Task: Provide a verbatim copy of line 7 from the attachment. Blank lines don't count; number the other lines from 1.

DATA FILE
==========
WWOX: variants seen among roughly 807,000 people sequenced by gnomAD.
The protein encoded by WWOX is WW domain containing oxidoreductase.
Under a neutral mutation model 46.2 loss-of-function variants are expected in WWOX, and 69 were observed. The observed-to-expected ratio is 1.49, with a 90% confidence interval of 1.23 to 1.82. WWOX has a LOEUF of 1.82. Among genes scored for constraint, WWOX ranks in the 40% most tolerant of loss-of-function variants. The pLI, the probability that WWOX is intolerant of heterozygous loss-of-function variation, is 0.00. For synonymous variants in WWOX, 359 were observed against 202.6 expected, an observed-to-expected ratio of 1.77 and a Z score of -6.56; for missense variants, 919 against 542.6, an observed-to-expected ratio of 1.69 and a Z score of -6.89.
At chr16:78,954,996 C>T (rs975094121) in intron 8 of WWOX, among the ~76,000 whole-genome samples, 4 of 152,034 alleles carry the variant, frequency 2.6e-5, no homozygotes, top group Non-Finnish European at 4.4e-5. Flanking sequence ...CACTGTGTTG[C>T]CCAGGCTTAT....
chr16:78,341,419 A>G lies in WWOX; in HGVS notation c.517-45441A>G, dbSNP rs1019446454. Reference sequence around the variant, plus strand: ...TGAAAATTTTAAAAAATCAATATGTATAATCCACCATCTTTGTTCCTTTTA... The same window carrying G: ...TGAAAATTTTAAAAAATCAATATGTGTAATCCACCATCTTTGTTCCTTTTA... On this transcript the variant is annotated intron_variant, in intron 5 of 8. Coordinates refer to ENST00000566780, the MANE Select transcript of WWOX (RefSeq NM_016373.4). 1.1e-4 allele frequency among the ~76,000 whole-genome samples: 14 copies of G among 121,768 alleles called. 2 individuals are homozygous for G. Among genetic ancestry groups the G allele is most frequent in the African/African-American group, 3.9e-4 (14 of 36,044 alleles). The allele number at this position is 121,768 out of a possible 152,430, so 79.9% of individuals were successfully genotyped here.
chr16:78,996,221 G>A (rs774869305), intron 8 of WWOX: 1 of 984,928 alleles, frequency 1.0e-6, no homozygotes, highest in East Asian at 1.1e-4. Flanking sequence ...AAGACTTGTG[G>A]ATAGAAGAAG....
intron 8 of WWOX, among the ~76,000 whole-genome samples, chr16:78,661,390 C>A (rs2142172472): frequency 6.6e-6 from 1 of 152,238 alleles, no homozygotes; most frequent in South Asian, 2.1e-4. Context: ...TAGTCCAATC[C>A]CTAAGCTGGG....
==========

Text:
intron 8 of WWOX, among the ~76,000 whole-genome samples, chr16:78,661,390 C>A (rs2142172472): frequency 6.6e-6 from 1 of 152,238 alleles, no homozygotes; most frequent in South Asian, 2.1e-4. Context: ...TAGTCCAATC[C>A]CTAAGCTGGG....